It is well established that the provider of a job reference owes a duty of care to the subject of the reference to make it accurate. The issue in Abdel-Khalek v Ali was whether a claimant was able to prove that a negligent misstatement from a former colleague resulted in his job offer being withdrawn. 

Back in 2006/7 both the claimant and defendant worked as consultant ophthalmic surgeons at a Scunthorpe hospital for about four months, although not as part of the same team. After the claimant left to work as a locum at another hospital, Goole, a number of his patients were referred to the defendant.

Four years later, the claimant applied through an agency for a locum position at Doncaster and Bassetlaw (D&B) and was offered the post based on references from Goole. A third consultant ophthalmic surgeon, working at D&B, became aware that the claimant was due to start work in his department and phoned the defendant to make enquiries.  After that conversation he had concerns which he referred to a manager of surgery at D&B. After discussions with the defendant, whom he knew, the manager decided to withdraw the claimant's job offer because of concerns around clinical issues.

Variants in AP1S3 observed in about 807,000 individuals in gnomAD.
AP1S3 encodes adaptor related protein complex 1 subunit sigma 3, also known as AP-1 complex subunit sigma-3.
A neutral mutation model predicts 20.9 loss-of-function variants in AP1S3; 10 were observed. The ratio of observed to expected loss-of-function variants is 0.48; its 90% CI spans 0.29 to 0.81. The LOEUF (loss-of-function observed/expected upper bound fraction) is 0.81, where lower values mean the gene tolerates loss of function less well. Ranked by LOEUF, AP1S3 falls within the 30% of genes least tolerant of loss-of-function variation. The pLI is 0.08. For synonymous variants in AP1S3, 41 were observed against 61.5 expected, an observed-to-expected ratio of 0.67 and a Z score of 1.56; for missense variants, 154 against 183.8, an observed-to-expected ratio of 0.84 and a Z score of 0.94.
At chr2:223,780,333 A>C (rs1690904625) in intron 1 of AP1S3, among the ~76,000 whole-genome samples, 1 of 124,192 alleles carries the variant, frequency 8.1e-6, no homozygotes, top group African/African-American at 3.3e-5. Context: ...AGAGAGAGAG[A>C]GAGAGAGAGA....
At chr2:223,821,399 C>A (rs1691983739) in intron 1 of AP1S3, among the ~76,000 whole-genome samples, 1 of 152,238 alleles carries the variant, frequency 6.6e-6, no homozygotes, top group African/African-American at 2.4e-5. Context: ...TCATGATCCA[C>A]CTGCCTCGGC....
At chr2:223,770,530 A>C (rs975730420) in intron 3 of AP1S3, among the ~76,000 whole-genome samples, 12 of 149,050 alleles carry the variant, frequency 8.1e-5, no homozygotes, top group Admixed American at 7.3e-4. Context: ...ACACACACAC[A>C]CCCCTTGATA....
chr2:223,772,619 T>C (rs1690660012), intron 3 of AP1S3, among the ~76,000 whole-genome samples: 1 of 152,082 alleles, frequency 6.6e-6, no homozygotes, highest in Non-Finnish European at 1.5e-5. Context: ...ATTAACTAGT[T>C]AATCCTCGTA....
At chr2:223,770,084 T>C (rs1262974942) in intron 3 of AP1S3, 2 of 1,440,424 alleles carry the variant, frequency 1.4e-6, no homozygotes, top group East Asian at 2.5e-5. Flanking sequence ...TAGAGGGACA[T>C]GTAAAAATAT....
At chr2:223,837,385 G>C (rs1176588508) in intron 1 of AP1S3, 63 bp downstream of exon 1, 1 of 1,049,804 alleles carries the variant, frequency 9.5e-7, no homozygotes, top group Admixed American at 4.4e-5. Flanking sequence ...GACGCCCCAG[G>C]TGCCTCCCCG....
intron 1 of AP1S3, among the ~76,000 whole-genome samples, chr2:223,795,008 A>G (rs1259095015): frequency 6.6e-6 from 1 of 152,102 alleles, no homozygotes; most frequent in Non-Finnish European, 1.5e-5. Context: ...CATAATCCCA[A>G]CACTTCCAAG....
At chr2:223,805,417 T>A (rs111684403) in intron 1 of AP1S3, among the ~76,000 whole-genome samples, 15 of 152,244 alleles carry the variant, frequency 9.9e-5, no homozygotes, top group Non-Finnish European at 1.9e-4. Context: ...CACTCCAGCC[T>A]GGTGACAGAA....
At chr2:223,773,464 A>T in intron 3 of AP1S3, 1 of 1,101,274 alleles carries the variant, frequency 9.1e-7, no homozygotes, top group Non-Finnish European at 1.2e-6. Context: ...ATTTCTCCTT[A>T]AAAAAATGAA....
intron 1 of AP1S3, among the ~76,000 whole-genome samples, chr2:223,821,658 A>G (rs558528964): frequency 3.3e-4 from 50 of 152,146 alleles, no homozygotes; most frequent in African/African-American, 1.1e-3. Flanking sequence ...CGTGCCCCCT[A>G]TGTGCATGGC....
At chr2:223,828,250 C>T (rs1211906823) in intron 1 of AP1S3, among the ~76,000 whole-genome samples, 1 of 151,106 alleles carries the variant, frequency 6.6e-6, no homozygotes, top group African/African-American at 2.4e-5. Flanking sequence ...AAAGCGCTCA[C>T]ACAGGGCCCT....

The claimant argued that the decision was made as a result of the defendant's negligent misstatements. The County Court dismissed the claim and the Court of Appeal has now confirmed that decision. 

What was critical was what was actually said in the reference. The defendant had reported that patient complaints and complications were higher than expected, giving the impression that there were  about half a dozen patients with complications and that one complaint had gone to litigation and another was expected to. There were two negligent misstatements here – there was in fact only one case that had gone to litigation; and there were three, not six, patients with complications. But despite this, the claimant failed to establish that the essential message given to the manager which led to the offer being withdrawn – that the complication rate was higher than expected over a four month period – was a misstatement.